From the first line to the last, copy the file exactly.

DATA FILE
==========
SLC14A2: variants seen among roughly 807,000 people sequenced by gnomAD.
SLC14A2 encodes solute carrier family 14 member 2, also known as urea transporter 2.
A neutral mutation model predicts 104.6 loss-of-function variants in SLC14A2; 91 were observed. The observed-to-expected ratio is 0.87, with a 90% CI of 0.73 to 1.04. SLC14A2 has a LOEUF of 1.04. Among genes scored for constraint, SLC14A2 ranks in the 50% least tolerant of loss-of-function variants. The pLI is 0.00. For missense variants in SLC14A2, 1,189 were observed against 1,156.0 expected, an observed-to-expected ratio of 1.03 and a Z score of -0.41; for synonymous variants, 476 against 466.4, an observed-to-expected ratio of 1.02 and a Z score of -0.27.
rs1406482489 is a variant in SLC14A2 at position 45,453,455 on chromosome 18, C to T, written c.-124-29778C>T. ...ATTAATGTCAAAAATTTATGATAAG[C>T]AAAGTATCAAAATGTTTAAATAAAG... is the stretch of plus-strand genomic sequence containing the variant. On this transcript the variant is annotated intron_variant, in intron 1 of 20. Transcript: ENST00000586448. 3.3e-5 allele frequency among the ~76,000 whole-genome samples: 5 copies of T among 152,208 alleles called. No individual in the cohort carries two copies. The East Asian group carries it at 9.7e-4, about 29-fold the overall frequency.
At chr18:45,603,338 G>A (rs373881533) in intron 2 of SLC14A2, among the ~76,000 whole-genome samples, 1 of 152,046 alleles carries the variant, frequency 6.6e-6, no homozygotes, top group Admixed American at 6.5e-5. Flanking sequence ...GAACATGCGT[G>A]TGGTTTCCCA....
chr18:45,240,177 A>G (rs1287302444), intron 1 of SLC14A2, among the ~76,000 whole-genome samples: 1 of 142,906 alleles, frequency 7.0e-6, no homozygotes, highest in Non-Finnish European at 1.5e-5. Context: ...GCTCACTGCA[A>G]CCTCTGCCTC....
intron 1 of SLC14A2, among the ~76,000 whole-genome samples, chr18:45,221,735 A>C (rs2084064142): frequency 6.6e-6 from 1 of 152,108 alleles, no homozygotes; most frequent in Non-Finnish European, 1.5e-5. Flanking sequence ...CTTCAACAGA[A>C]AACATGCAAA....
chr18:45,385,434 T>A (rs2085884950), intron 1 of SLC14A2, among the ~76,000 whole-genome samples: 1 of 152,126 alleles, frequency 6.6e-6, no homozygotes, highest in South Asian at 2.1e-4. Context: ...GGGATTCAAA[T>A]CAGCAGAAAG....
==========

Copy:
SLC14A2: variants seen among roughly 807,000 people sequenced by gnomAD.
SLC14A2 encodes solute carrier family 14 member 2, also known as urea transporter 2.
A neutral mutation model predicts 104.6 loss-of-function variants in SLC14A2; 91 were observed. The observed-to-expected ratio is 0.87, with a 90% CI of 0.73 to 1.04. SLC14A2 has a LOEUF of 1.04. Among genes scored for constraint, SLC14A2 ranks in the 50% least tolerant of loss-of-function variants. The pLI is 0.00. For missense variants in SLC14A2, 1,189 were observed against 1,156.0 expected, an observed-to-expected ratio of 1.03 and a Z score of -0.41; for synonymous variants, 476 against 466.4, an observed-to-expected ratio of 1.02 and a Z score of -0.27.
rs1406482489 is a variant in SLC14A2 at position 45,453,455 on chromosome 18, C to T, written c.-124-29778C>T. ...ATTAATGTCAAAAATTTATGATAAG[C>T]AAAGTATCAAAATGTTTAAATAAAG... is the stretch of plus-strand genomic sequence containing the variant. On this transcript the variant is annotated intron_variant, in intron 1 of 20. Transcript: ENST00000586448. 3.3e-5 allele frequency among the ~76,000 whole-genome samples: 5 copies of T among 152,208 alleles called. No individual in the cohort carries two copies. The East Asian group carries it at 9.7e-4, about 29-fold the overall frequency.
At chr18:45,603,338 G>A (rs373881533) in intron 2 of SLC14A2, among the ~76,000 whole-genome samples, 1 of 152,046 alleles carries the variant, frequency 6.6e-6, no homozygotes, top group Admixed American at 6.5e-5. Flanking sequence ...GAACATGCGT[G>A]TGGTTTCCCA....
chr18:45,240,177 A>G (rs1287302444), intron 1 of SLC14A2, among the ~76,000 whole-genome samples: 1 of 142,906 alleles, frequency 7.0e-6, no homozygotes, highest in Non-Finnish European at 1.5e-5. Context: ...GCTCACTGCA[A>G]CCTCTGCCTC....
intron 1 of SLC14A2, among the ~76,000 whole-genome samples, chr18:45,221,735 A>C (rs2084064142): frequency 6.6e-6 from 1 of 152,108 alleles, no homozygotes; most frequent in Non-Finnish European, 1.5e-5. Flanking sequence ...CTTCAACAGA[A>C]AACATGCAAA....
chr18:45,385,434 T>A (rs2085884950), intron 1 of SLC14A2, among the ~76,000 whole-genome samples: 1 of 152,126 alleles, frequency 6.6e-6, no homozygotes, highest in South Asian at 2.1e-4. Context: ...GGGATTCAAA[T>A]CAGCAGAAAG....